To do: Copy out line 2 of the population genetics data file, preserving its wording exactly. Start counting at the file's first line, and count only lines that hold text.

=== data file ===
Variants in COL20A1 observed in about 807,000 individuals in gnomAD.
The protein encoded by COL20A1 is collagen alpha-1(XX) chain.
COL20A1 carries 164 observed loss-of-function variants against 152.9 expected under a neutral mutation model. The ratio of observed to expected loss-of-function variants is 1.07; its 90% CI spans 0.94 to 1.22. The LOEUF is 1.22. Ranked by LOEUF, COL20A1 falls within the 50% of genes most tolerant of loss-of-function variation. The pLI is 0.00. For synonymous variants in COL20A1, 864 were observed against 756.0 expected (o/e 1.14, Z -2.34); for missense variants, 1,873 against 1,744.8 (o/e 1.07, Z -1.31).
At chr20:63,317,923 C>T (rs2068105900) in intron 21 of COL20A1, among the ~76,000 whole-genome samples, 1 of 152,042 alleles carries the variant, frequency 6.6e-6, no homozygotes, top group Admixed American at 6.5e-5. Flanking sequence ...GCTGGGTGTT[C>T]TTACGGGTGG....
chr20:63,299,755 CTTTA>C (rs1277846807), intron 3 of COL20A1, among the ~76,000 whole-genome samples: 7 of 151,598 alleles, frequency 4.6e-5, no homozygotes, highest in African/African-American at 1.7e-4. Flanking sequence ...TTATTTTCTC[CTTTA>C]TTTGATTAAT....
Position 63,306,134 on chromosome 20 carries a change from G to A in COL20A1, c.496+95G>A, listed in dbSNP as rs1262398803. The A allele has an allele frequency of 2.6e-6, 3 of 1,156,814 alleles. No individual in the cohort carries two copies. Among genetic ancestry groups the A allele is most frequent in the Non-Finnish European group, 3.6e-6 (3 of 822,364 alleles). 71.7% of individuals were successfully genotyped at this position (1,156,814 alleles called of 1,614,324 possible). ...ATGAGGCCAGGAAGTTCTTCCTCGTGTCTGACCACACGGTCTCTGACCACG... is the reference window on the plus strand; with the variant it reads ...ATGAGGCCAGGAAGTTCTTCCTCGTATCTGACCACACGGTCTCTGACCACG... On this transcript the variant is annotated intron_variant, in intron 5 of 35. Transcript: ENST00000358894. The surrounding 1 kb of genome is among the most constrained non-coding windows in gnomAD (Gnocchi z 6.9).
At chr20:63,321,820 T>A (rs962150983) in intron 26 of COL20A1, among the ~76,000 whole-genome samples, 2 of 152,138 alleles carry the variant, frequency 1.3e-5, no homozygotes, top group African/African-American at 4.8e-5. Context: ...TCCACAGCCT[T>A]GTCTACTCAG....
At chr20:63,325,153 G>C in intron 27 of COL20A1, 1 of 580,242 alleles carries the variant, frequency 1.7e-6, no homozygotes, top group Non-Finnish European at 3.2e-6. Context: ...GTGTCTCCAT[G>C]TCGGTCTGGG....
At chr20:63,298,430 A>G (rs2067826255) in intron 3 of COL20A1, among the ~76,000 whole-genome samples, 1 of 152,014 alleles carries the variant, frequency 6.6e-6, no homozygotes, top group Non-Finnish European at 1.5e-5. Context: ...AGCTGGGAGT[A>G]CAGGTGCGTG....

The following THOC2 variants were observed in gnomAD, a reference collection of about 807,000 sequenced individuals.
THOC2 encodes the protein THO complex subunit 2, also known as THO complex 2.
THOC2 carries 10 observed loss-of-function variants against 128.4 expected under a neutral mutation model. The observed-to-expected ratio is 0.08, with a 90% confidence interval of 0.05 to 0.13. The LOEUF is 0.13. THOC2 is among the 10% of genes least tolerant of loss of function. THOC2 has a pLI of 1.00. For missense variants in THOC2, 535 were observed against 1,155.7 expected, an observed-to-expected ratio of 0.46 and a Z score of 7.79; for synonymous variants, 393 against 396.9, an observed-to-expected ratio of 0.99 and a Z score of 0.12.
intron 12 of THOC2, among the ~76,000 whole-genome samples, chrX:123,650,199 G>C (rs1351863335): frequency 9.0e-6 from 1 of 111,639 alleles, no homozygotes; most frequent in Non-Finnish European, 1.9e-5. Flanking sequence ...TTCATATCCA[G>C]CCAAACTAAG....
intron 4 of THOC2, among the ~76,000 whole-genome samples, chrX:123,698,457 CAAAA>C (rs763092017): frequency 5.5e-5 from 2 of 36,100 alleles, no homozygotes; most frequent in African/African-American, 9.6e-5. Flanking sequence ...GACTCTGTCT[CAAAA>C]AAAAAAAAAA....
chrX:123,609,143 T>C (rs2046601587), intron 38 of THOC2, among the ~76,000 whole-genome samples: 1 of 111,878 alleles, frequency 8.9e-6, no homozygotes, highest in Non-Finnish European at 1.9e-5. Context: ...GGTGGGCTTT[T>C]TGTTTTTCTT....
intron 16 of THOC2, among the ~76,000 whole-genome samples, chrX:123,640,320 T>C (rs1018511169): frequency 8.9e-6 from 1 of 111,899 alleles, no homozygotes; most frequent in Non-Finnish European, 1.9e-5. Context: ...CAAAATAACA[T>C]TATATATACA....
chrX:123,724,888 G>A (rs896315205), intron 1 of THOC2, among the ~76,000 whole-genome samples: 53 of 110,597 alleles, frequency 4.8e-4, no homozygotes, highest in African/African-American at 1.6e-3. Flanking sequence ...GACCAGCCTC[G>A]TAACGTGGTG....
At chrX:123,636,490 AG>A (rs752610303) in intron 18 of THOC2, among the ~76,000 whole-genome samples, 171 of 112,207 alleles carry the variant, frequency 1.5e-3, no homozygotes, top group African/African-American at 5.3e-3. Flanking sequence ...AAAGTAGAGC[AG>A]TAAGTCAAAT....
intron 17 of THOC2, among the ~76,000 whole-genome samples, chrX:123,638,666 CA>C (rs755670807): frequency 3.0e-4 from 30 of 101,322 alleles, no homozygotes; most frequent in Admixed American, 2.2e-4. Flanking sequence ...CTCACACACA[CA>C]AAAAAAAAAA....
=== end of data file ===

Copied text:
The protein encoded by COL20A1 is collagen alpha-1(XX) chain.